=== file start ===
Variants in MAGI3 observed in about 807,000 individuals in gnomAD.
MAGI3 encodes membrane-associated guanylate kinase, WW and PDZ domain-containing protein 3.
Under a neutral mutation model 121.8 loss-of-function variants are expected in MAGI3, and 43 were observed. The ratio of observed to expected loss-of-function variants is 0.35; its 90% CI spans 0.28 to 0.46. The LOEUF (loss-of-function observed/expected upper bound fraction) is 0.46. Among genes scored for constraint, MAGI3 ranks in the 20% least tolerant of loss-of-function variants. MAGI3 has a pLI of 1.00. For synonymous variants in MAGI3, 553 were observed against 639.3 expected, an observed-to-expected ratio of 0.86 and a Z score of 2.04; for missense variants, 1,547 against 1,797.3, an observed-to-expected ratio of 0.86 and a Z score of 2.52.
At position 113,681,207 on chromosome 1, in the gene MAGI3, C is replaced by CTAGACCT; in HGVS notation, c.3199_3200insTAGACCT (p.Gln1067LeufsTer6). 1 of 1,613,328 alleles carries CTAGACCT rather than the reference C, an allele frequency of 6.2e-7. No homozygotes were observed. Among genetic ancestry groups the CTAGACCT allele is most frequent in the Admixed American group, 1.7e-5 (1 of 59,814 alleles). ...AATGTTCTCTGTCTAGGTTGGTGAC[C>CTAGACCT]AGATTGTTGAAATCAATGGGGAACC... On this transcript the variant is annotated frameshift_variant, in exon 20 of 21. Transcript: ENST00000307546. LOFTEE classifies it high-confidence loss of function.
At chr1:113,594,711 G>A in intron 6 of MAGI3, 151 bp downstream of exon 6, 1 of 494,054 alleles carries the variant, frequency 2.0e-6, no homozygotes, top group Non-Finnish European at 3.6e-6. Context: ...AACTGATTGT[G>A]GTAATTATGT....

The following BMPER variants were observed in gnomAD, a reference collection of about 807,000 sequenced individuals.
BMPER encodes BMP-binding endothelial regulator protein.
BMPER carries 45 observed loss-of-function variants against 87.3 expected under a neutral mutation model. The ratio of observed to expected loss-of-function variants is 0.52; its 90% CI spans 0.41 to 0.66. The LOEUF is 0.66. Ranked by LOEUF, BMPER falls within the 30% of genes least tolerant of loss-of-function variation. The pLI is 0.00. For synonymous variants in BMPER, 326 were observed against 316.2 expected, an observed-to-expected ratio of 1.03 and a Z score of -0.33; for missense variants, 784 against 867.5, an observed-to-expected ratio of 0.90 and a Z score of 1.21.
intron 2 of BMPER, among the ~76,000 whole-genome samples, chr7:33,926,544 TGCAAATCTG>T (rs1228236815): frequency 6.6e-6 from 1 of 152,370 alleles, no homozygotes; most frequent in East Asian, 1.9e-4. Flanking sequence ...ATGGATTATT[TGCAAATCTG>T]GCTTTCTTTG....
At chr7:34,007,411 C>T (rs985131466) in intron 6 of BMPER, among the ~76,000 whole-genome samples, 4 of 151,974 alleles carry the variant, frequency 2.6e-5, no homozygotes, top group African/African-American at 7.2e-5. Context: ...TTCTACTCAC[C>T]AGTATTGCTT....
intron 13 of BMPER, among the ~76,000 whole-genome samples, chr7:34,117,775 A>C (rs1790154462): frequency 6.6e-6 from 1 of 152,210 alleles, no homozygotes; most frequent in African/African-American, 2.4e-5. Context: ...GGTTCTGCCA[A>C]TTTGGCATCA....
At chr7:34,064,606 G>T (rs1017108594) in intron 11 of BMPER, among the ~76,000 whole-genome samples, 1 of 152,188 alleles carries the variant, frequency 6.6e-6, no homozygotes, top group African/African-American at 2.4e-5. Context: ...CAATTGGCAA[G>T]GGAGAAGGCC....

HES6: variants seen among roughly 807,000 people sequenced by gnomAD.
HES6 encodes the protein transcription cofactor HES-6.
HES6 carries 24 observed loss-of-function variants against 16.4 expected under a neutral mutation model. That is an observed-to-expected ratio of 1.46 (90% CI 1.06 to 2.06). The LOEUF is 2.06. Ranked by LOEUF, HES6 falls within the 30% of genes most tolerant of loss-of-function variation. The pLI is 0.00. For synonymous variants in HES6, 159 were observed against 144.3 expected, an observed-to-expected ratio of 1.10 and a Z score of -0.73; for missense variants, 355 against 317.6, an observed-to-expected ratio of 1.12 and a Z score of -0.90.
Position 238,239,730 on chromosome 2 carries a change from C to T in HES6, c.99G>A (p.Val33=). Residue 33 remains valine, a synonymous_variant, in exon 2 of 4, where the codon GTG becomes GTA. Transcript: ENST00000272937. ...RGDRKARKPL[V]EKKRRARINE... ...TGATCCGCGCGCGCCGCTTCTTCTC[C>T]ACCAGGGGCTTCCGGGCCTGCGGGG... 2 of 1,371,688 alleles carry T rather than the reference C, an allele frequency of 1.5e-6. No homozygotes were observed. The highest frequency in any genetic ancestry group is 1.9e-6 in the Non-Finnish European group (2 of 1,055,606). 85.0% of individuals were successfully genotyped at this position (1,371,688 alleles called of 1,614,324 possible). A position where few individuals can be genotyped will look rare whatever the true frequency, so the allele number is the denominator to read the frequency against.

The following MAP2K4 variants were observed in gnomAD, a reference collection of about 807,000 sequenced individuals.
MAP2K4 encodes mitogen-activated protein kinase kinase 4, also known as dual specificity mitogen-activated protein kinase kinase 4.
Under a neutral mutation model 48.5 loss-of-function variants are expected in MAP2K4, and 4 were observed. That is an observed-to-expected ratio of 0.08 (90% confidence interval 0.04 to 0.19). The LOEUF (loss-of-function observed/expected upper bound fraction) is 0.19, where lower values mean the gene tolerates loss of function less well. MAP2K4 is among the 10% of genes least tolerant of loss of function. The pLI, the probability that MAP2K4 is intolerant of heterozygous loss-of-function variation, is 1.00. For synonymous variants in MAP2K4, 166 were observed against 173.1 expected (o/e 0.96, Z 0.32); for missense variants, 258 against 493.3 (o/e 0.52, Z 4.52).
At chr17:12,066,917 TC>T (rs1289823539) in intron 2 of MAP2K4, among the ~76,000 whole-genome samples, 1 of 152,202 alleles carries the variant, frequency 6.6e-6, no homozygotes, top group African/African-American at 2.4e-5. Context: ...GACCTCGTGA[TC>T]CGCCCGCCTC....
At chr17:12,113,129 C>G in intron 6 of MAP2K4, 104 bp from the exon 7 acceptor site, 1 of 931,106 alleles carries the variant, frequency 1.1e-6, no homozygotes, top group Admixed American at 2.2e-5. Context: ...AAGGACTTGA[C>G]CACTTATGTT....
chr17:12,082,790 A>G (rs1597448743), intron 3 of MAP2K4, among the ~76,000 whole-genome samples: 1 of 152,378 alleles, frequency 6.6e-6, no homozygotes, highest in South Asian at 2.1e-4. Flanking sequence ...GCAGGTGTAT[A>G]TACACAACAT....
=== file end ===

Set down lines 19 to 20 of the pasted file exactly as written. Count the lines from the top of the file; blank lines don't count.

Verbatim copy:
Under a neutral mutation model 48.5 loss-of-function variants are expected in MAP2K4, and 4 were observed. That is an observed-to-expected ratio of 0.08 (90% confidence interval 0.04 to 0.19). The LOEUF (loss-of-function observed/expected upper bound fraction) is 0.19, where lower values mean the gene tolerates loss of function less well. MAP2K4 is among the 10% of genes least tolerant of loss of function. The pLI, the probability that MAP2K4 is intolerant of heterozygous loss-of-function variation, is 1.00. For synonymous variants in MAP2K4, 166 were observed against 173.1 expected (o/e 0.96, Z 0.32); for missense variants, 258 against 493.3 (o/e 0.52, Z 4.52).
At chr17:12,066,917 TC>T (rs1289823539) in intron 2 of MAP2K4, among the ~76,000 whole-genome samples, 1 of 152,202 alleles carries the variant, frequency 6.6e-6, no homozygotes, top group African/African-American at 2.4e-5. Context: ...GACCTCGTGA[TC>T]CGCCCGCCTC....